After ten years as Artistic Director at Watford Palace, where he worked with some of the best talent in the UK – including Helen Mirren, who turned down a stint at the RSC to appear in a new version of Madame Bovary – Lou formed his own production company to begin creating new work which explored collaboration between art forms, particularly contemporary music and theatre.

I have always been proudest of work that I’ve done which has somehow broken ground or pointed to new directions in how things can be done,” he says. Highlights come in many shapes and forms, and the projects that stand out have somehow either changed me or people around me. Certainly the raw creativity and freedom of those early years at the Gate was a huge highlight. The Gate story is a bit of a Cinderella story. With no funding in what was a very down at the heel pub, a group of outsiders came together to create work which was highly recognised very quickly.”

Another highlight for Lou is his adaptation of Hunter S. Thompson’s Fear and Loathing in Las Vegas, which was the first production at what was then called the Gate at the Latchmere (now Theatre 503), before transferring to the Fortune Theatre in the West End. “I’ll never forget Hunter Thompson – a notoriously reclusive writer – saying that he was flying in from his home in Aspen, Colorado to see the show, and if he didn’t like it, he was going to tear the theatre apart,” he recalls. “Luckily, he loved it.”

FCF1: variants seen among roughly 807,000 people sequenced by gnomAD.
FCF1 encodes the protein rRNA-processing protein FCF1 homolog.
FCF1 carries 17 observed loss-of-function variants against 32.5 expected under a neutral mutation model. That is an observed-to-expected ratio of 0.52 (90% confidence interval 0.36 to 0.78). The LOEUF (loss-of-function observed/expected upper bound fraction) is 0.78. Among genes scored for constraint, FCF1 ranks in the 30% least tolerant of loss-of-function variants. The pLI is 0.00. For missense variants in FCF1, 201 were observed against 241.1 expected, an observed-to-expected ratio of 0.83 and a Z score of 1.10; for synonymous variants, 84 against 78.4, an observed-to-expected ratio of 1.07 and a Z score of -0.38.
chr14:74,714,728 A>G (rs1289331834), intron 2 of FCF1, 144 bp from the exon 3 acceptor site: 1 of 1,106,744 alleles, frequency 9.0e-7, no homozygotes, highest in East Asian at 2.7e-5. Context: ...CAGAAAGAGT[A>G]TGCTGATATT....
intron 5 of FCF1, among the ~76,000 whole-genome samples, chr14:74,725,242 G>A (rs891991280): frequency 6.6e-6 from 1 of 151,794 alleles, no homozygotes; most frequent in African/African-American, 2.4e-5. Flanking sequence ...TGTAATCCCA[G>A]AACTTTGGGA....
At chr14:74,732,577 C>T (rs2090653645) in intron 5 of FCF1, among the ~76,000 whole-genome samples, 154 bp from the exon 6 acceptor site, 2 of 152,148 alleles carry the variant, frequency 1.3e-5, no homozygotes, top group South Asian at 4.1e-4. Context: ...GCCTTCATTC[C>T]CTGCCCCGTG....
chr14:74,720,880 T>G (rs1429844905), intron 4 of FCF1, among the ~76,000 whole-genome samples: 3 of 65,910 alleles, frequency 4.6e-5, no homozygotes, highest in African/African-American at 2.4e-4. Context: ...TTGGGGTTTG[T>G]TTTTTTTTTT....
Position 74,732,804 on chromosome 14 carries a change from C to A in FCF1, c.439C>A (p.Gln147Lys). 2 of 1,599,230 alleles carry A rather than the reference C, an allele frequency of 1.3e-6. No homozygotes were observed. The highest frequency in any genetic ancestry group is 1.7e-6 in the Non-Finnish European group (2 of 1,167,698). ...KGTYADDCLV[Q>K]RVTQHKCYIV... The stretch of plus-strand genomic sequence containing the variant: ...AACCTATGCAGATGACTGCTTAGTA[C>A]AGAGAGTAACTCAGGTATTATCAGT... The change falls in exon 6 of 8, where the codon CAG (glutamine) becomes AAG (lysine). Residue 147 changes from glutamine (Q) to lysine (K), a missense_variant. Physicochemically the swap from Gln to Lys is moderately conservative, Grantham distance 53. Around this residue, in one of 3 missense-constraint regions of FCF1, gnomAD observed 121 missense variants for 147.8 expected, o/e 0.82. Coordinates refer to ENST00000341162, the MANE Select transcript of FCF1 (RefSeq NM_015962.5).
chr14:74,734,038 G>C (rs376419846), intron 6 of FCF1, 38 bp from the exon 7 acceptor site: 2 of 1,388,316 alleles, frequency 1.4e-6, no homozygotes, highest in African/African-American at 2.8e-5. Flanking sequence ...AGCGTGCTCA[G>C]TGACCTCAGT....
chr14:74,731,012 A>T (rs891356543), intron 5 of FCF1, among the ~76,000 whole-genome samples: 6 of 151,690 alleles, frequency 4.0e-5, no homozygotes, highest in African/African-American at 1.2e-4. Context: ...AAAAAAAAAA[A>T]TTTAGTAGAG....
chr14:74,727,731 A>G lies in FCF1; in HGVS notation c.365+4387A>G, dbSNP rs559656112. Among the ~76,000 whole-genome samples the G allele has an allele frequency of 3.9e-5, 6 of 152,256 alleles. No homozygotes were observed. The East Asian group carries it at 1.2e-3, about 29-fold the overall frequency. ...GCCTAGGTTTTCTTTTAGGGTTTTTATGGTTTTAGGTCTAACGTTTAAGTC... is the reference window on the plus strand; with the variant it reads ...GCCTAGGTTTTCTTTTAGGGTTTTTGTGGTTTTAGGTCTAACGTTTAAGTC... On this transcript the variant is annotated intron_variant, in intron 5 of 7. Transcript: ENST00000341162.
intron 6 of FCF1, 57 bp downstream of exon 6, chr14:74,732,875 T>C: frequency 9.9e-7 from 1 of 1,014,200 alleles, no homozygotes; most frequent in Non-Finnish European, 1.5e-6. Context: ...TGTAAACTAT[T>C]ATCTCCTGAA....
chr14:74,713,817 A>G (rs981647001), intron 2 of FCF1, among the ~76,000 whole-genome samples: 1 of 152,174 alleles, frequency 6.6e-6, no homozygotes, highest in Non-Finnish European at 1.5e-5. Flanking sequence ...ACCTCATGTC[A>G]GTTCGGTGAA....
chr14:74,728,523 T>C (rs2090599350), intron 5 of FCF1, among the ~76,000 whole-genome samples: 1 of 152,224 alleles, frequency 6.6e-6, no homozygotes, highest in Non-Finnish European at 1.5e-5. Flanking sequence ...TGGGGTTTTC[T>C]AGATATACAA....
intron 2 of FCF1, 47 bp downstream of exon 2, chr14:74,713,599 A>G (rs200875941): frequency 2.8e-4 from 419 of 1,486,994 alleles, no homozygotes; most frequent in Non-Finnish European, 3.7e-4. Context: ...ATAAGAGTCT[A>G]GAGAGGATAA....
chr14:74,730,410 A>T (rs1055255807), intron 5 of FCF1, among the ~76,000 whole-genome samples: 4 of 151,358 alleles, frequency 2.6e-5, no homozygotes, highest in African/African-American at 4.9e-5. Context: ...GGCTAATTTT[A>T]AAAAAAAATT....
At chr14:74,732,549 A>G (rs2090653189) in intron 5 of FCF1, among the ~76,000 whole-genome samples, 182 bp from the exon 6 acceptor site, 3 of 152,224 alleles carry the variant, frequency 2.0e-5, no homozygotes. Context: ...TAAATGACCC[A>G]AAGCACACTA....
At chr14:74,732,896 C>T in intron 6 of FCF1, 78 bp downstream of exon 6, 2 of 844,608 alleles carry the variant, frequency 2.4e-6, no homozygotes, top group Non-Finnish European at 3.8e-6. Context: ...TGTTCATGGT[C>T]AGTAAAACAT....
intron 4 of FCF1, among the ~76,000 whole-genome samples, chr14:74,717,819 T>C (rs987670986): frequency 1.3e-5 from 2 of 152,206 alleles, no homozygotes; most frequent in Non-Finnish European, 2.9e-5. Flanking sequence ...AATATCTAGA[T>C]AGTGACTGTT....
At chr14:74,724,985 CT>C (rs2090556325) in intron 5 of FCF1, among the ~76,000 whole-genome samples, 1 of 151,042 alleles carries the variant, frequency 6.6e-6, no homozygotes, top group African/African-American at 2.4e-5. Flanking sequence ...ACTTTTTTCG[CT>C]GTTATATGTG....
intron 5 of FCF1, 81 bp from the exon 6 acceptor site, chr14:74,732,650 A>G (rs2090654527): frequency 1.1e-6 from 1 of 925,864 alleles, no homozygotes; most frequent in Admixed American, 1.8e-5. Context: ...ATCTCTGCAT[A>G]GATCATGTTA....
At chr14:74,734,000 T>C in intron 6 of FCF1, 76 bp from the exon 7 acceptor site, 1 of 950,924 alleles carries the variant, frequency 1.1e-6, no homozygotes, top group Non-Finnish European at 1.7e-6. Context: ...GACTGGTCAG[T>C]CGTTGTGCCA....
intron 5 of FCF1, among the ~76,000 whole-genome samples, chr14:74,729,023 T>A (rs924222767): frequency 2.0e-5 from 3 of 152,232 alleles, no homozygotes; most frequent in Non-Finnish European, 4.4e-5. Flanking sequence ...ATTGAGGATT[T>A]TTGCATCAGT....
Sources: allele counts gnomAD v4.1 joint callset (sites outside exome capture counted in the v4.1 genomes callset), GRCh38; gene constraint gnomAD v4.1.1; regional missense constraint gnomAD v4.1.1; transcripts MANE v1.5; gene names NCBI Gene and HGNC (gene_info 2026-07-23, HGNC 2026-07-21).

Before coming to Chickenshed, Lou wrote, produced and directed regularly for BBC Radio 3 and 4.After my son Ethan was born, I was commissioned to write and curate a five part programme for The Essay about how children affect the creations of their artist-fathers – The Father Instinct,” he explains. “In the first episode I wrote about how Ethan positively changed my work as a director and writer, and how I approach my work. His birth was the biggest highlight of my career in that what I choose to do, and how I do it, changed dramatically. Without Ethan, I wouldn’t be at Chickenshed.”